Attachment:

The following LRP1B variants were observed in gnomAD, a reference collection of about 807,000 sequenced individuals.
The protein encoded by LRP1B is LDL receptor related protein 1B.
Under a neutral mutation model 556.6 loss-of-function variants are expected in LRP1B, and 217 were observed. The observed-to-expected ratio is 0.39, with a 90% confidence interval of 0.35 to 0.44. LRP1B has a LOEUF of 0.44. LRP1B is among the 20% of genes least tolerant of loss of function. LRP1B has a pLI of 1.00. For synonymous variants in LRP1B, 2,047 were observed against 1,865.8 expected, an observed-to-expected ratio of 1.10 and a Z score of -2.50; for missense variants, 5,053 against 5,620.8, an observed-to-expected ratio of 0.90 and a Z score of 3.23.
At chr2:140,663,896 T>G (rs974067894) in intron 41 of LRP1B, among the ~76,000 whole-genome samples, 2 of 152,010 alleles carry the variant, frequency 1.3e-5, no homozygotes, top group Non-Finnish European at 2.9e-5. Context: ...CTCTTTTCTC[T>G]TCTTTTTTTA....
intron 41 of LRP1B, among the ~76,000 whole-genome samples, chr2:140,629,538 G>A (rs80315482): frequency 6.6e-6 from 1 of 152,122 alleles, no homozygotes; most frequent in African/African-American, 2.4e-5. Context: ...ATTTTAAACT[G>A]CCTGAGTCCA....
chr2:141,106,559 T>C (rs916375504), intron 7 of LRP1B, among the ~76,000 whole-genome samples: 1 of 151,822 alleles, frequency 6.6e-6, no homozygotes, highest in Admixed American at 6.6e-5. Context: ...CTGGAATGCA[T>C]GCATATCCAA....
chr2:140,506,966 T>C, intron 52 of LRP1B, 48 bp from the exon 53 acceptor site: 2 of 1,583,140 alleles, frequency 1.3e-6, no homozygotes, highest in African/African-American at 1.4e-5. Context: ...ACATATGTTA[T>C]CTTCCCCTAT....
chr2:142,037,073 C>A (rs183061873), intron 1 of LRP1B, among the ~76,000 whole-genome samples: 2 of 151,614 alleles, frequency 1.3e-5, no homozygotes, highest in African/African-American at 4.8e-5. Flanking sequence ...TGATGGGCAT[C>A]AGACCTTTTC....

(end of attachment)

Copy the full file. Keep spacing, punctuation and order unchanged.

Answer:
The following LRP1B variants were observed in gnomAD, a reference collection of about 807,000 sequenced individuals.
The protein encoded by LRP1B is LDL receptor related protein 1B.
Under a neutral mutation model 556.6 loss-of-function variants are expected in LRP1B, and 217 were observed. The observed-to-expected ratio is 0.39, with a 90% confidence interval of 0.35 to 0.44. LRP1B has a LOEUF of 0.44. LRP1B is among the 20% of genes least tolerant of loss of function. LRP1B has a pLI of 1.00. For synonymous variants in LRP1B, 2,047 were observed against 1,865.8 expected, an observed-to-expected ratio of 1.10 and a Z score of -2.50; for missense variants, 5,053 against 5,620.8, an observed-to-expected ratio of 0.90 and a Z score of 3.23.
At chr2:140,663,896 T>G (rs974067894) in intron 41 of LRP1B, among the ~76,000 whole-genome samples, 2 of 152,010 alleles carry the variant, frequency 1.3e-5, no homozygotes, top group Non-Finnish European at 2.9e-5. Context: ...CTCTTTTCTC[T>G]TCTTTTTTTA....
intron 41 of LRP1B, among the ~76,000 whole-genome samples, chr2:140,629,538 G>A (rs80315482): frequency 6.6e-6 from 1 of 152,122 alleles, no homozygotes; most frequent in African/African-American, 2.4e-5. Context: ...ATTTTAAACT[G>A]CCTGAGTCCA....
chr2:141,106,559 T>C (rs916375504), intron 7 of LRP1B, among the ~76,000 whole-genome samples: 1 of 151,822 alleles, frequency 6.6e-6, no homozygotes, highest in Admixed American at 6.6e-5. Context: ...CTGGAATGCA[T>C]GCATATCCAA....
chr2:140,506,966 T>C, intron 52 of LRP1B, 48 bp from the exon 53 acceptor site: 2 of 1,583,140 alleles, frequency 1.3e-6, no homozygotes, highest in African/African-American at 1.4e-5. Context: ...ACATATGTTA[T>C]CTTCCCCTAT....
chr2:142,037,073 C>A (rs183061873), intron 1 of LRP1B, among the ~76,000 whole-genome samples: 2 of 151,614 alleles, frequency 1.3e-5, no homozygotes, highest in African/African-American at 4.8e-5. Flanking sequence ...TGATGGGCAT[C>A]AGACCTTTTC....